THE POWER OF NEGATIVE THINKING

THE POWER OF NEGATIVE THINKING

THE POWER OF NEGATIVE THINKING Yeah, you read that right. You’ve probably read a hundred pieces on positive thinking and its benefits, particularly in terms of racing and training. And I’m not here to bash that at all. I’m certainly an advocate of positive self-talk, self-belief, visualization and all of the other useful and semi-useful techniques out there. But this piece is taking an alternative school of thought; the way in which we can use our negative thoughts to our advantage (whether it be in running or any other form of performance). There’s an ancient philosophy called Stoicism, and a part of this philosophy is the ability to accept a situation for what it is - and to use this acceptance as a means to control our fear of pain and/or failure. It acknowledges that the world is highly unpredictable and reminds us that we need to be in control of that which we can control – our responses to these events. But how...
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LESSONS FROM A TRIP TO KENYA

LESSONS FROM A TRIP TO KENYA

A few years ago one of our coaches, Jonathan, experienced one of his most memorable journeys yet. Here are a few of his thoughts from the experience and some lessons that he took away from it all: In June of 2015, I was lucky enough to spend two weeks in Iten, Kenya on a running camp where I got to train with, learn from and watch some of the best middle and long-distance athletes in the world. I also got the opportunity to sit down and chat over tea with their coaches. It really was an absolutely incredible experience and I’d recommend it to any passionate runner – regardless of your ability. This post is about the main things I learned/observed about the “Kenyan Way” in my time there. Not all of these things are recommended for your everyday runner; but it’s fascinating to gain a bit of insight into how the best runners in the world live and train – and...
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A Simple Message on Individualisation

A Simple Message on Individualisation

Below is a simple chart illustrating a random statistic with its independent and dependent variables marked respectively on the x and y-axis. The particular statistic is unknown and irrelevant for our purposes. What a simple chart like this (and many others like it) can show, is the need to individualise. It’s typical for data to be grouped and represented by its mean value. This is true within many fields of expertise, including the pharmaceutical industry – drugs are accepted on the basis of the average effects they present during trials. Though it is often practical and easier, you can imagine the possible adverse effects of treating a collection of data as one. For instance, looking at the sample graph above only 4 out of the 30 data plots are positioned on or near to the trend line. If we had to use this trend line to represent a ‘rule’ about of the data, it’s clear that this ‘rule’ would fail to...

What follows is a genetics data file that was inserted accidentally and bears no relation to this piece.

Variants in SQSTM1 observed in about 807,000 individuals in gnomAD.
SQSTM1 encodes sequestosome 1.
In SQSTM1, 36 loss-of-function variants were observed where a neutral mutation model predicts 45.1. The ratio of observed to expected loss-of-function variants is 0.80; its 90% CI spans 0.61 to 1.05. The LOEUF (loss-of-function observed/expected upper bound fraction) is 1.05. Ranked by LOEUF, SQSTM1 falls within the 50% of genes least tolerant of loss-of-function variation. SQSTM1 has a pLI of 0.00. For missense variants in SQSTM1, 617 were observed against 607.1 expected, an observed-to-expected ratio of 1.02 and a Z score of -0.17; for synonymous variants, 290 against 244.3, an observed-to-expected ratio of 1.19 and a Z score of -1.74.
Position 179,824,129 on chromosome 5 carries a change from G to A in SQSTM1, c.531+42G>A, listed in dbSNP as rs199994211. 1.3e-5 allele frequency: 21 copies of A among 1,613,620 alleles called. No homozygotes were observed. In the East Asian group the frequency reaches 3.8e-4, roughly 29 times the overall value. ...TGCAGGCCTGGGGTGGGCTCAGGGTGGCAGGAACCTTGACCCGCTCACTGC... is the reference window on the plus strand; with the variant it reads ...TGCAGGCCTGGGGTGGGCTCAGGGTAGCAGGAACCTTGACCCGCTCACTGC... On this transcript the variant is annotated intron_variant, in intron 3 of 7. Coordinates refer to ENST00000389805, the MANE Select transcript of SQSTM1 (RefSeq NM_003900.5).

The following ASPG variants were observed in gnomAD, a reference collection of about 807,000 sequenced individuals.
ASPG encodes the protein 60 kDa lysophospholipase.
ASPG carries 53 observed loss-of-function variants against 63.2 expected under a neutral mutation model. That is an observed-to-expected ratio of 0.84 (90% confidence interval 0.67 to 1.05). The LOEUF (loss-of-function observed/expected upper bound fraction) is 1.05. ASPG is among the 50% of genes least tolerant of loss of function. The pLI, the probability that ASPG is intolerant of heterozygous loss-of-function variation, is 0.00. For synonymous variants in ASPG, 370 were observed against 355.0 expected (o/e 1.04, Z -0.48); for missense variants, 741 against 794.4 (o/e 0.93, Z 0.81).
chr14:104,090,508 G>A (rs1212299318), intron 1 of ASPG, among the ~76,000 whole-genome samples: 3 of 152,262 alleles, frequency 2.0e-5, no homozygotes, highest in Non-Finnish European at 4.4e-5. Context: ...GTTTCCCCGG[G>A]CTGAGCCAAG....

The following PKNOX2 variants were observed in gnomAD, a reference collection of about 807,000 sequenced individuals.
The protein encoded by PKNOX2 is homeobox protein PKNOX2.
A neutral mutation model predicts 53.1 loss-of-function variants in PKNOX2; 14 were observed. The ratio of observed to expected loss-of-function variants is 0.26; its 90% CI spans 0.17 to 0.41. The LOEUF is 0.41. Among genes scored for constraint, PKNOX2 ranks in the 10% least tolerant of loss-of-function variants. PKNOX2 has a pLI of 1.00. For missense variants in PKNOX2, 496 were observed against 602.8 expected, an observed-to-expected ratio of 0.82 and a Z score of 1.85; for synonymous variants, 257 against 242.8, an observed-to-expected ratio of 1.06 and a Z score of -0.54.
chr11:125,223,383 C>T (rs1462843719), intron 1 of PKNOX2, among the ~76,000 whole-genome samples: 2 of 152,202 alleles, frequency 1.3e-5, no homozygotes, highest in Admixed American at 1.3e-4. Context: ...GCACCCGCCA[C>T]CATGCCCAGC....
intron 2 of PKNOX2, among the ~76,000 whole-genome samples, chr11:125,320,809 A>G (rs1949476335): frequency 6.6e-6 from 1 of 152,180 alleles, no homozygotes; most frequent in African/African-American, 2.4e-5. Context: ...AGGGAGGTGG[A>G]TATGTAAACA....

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Our Training Philosophies

Our Training Philosophies

We'd like to share with you a few of our most fundamental training philosophies. These philosophies serve as the back-bone for the decisions that we as coaches make in helping an athlete improve their craft and get as much out of their training as possible. We believe that these training philosophies are the cornerstone for meaningful work; they outline the most important aspects of focus that create an optimal training environment. Manipulate stress to produce maximal adaptation and improvement Looking at stress in a holistic manner as life and training are not two separate entities. Consistency Improvement comes from weeks and months of good training, not the occasional hard effort. Build and maintain Training aims to focus on certain attributes at different times in a training cycle, but must still maintain the aspects that are not being emphasized. Train the athlete as an individual Athletes physiologically and psychologically respond differently to stressors, and the accumulation of a week, month, or season's worth of stress. The...
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Cerebral Oxygenation: Kenyan Runners Maintain High Brain Oxygenation

Cerebral Oxygenation: Kenyan Runners Maintain High Brain Oxygenation

The Kalenjin, who occupy much of the Rift Valley, are Kenya’s third largest tribe. Despite only making up approximately 12% of Kenya's population, they represent more than 75% of their country’s top runners. If you think Kenyan running couldn’t be more impressive, think Kalenjin running. “To put Kalenjin running success into perspective. Consider that 17 American men in history have run faster than 2:10 in the marathon. 32 Kalenjin men did that last October…” – David Epstein, 2014. There are many physiological factors that are believed to influence elite Kenyan runners' success, from specialized morphological features to high aerobic capacities. More recently, a new physiological mechanism was brought to light, which could be another important underlining factor for their unparalleled success. (adsbygoogle = window.adsbygoogle || []).push({}); A study, conducted by Jordan Santos-Concejero and colleagues, looked into the cerebral oxygenation (oxygen reaching the brain) of a group of elite Kalejin Kenyan runners during a maximal self-paced 5km time trial. Previous studies have...
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